(Bloomberg) -- Argentina’s central bank got a new chief after the monetary authority failed to stop the peso’s plunge despite obtaining the biggest loan in the history of the International Monetary Fund.
Luis Caputo, previously the finance minister, will take over the post following Federico Sturzenegger’s surprise resignation. Investors need him to lay out a strategy to curb volatility in the currency, which has lost more than a quarter of its value since the end of April, including a selloff of more than 6 percent Thursday that left it at a record low.
Caputo, 53, a former portfolio manager and banker, may be better positioned to win back investors who have complained about a lack of communication and incoherent policy from the central bank amid the worst peso rout since President Mauricio Macri allowed it to start trading freely in late 2015. Nicolas Dujovne will lead a united Ministry of Finance and Treasury, the government said.
The peso collapse has added to the woes of a country already under siege from double-digit inflation and fiscal and current account deficits. BlackRock Inc. and Brown Brothers Harriman are among shops that have predicted further peso declines as outside factors, including a resurgent dollar, rising global interest rates and higher risk aversion, conspire against an easy solution for Argentina.
“Right now we’re in a confidence game, and there’s no confidence in Macri’s team and how they’re communicating,” said Walter Stoeppelwerth, the chief investment officer at Balanz Capital Valores in Buenos Aires. “Sturzenenger is a great professional, but he’s an academic, not someone that understands a run on the currency. The market had a problem with the way they handled intervention. The one person on Macri’s team they have confidence in is Toto Caputo.”
Caputo took the helm of the Finance Ministry in December 2016 after serving as a key figure in securing an agreement with investors holding debt the country defaulted on in 2001, a truce that allowed the country to return to global capital markets. Before that, he was the president of Buenos Aires-based asset manager Axis Inversiones and held roles at JPMorgan Chase & Co. and Deutsche Bank.
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Strife in Argentina set a negative tone for emerging markets as trading started Friday, with the Thai baht and South Korea’s won both dropping.
The changes at the helm of the central bank, which included the departure of several high ranking officers, capped a dramatic day in local markets. The peso slid Thursday with no intervention from the central bank amid rumors anticipating the reshuffling. Trading on the MAE electronic market fell to $240 million on Thursday, the lowest since September 2017, and almost half of the past year’s average daily volume of $471 million.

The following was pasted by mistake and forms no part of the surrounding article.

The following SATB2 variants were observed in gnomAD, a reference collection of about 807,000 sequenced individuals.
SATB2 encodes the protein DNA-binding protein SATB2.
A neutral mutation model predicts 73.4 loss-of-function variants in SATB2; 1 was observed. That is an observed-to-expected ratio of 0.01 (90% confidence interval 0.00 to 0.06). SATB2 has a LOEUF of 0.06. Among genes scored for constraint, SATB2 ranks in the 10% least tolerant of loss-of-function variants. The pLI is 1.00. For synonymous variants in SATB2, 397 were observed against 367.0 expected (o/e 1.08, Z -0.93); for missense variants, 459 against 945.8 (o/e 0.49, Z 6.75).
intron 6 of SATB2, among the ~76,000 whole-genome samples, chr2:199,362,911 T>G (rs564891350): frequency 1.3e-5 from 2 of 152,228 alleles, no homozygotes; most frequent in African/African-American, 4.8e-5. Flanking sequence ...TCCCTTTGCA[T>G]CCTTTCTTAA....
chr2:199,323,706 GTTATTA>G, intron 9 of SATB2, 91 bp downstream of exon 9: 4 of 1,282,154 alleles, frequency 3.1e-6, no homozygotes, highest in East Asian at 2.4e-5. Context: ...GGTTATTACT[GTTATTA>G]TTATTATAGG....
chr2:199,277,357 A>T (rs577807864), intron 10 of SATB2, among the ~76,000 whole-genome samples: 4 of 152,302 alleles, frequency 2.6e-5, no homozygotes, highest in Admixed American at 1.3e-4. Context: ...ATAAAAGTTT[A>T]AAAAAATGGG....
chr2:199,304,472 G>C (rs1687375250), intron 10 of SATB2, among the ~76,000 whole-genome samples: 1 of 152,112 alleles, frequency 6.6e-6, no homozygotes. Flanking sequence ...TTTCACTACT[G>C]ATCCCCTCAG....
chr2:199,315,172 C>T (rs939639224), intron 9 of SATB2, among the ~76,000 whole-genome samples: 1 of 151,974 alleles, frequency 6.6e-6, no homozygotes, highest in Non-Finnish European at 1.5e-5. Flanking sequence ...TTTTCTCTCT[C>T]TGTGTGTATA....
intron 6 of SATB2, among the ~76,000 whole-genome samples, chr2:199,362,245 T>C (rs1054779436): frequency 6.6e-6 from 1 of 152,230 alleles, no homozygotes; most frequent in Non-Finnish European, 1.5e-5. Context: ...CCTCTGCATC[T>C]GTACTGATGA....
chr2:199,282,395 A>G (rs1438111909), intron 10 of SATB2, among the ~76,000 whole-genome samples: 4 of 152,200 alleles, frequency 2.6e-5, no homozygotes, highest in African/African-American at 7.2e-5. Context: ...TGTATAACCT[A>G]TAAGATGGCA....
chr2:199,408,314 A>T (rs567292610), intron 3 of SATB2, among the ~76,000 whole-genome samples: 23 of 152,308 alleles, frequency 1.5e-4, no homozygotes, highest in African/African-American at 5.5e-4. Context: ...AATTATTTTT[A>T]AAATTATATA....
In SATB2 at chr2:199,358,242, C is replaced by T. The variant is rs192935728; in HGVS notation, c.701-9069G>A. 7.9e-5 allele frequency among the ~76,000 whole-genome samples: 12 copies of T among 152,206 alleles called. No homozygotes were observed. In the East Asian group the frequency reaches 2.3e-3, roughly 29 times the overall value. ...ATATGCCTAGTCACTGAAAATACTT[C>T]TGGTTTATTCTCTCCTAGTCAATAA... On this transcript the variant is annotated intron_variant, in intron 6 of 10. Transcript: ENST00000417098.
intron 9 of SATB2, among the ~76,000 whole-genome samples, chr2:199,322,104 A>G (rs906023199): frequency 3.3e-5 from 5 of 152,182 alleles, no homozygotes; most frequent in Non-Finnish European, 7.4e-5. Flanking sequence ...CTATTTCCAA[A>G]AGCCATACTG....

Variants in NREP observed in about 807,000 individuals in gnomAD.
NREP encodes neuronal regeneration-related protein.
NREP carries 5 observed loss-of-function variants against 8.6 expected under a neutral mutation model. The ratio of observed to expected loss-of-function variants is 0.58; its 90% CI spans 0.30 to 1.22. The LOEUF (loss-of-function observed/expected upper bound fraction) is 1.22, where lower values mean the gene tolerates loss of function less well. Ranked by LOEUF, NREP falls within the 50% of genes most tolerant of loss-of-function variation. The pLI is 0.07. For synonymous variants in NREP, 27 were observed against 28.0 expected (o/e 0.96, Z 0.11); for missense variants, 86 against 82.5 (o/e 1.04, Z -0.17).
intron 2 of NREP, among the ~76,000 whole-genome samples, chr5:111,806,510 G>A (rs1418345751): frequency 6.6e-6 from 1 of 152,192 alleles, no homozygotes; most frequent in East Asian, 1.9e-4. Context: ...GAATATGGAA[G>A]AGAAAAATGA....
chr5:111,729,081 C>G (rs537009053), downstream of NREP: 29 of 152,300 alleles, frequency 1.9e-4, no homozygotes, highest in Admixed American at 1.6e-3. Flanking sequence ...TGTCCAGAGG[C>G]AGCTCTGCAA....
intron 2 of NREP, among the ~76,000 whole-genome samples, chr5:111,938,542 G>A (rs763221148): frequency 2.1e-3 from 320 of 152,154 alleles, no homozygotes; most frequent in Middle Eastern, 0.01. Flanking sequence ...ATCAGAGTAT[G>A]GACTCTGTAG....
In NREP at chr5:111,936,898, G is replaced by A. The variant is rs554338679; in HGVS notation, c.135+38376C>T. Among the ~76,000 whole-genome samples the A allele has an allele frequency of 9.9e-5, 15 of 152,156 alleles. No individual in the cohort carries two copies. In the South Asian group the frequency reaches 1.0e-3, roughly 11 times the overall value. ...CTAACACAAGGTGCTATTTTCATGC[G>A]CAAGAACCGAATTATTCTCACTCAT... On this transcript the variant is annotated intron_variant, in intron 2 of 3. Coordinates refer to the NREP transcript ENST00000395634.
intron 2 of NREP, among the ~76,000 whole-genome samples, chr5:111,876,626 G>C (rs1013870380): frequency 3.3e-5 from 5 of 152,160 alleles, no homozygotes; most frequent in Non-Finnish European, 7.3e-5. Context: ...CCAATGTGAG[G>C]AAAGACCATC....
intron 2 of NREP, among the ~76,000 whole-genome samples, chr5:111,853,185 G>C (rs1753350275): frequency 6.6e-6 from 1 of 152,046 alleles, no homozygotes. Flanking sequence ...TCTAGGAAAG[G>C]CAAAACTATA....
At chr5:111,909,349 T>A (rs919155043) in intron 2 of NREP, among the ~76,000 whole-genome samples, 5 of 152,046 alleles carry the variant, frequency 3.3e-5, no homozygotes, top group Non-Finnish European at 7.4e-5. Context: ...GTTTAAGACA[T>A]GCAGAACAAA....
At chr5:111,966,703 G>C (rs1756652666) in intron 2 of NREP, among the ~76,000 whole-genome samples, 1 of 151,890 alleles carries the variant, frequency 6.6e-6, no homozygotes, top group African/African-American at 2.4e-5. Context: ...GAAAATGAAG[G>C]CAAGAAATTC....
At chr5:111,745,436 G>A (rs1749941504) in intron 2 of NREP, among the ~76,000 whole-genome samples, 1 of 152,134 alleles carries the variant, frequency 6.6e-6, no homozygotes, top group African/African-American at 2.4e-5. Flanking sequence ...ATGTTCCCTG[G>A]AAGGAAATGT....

Investors had expected that the $50 billion deal with the Fund would return calm to the market after a sharp selloff in May amid global volatility and questions over the central bank’s credibility boiled over. A change in the central bank’s inflation target last December was cited as the beginning of the confidence crisis.
In May, officials sought to arrest the decline by jacking up interest rates to the highest in the world at 40 percent, intervening directly in the market and using a $5 billion offer at 25 pesos per dollar to contain the currency while the government negotiated the deal with the IMF. The day of the announcement, Sturzenegger said that the bank would only intervene in the market in "disruptive situations." Still, the central bank spent $794 million over two days to curb losses as volume plummeted.
"The political pressure to make a personnel change (at the central bank) was enormous," said Benjamin Gedan, former South America director on the White House’s National Security Council under President Barack Obama, and current director of the Argentina Project in Washington.
Caputo’s appointment "gives the central bank the opportunity to restore credibility to the central bank that was rightly or wrongly lost, and it consolidates economic decision making with Minister Dujovne."
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